[Skip to Content]
[Skip to Content Landing]
December 22, 1989

Animals in Research

JAMA. 1989;262(24):3404-3405. doi:10.1001/jama.1989.03430240038016

To the Editor.—  Animals have proved to be invaluable in medical research and have benefited the welfare of both humans and animals.1 However, "to protect animals from unnecessary pain"1 and to simplify our understanding of some complex pathogenetic mechanisms, rational exploration of alternative models is warranted.2Dysfunctional human cilia produce considerable respiratory and other illnesses.3-5 The animal model most often employed to study the problem, the mammalian tracheal explant, has yielded important information about this category of diseases. Noting that the cilia of Tetrahymena pyriformis are morphologically and functionally indistinguishable from those of humans,5,6I began, in high school, to culture this protozoa under varied conditions. My aim was to develop a simple, inexpensive protozoan model to study abnormal cilia.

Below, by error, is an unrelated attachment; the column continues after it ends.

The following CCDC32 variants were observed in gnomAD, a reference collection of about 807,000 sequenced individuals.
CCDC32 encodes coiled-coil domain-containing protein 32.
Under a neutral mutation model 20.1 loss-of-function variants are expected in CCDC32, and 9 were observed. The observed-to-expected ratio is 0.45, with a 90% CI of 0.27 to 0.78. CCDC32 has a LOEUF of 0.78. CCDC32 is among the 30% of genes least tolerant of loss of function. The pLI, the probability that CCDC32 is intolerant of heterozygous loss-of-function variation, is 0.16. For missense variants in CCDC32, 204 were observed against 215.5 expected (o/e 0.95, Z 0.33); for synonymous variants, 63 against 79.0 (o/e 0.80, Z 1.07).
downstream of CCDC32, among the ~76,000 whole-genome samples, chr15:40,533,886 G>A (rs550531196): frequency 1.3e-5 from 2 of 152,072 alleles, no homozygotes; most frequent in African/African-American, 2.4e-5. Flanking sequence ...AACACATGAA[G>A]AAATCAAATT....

Study. —  Tetrahymena pyriformis was cultured under baseline conditions at 25°C in proteose peptone broth (group I: control group) and in chemically altered environments (group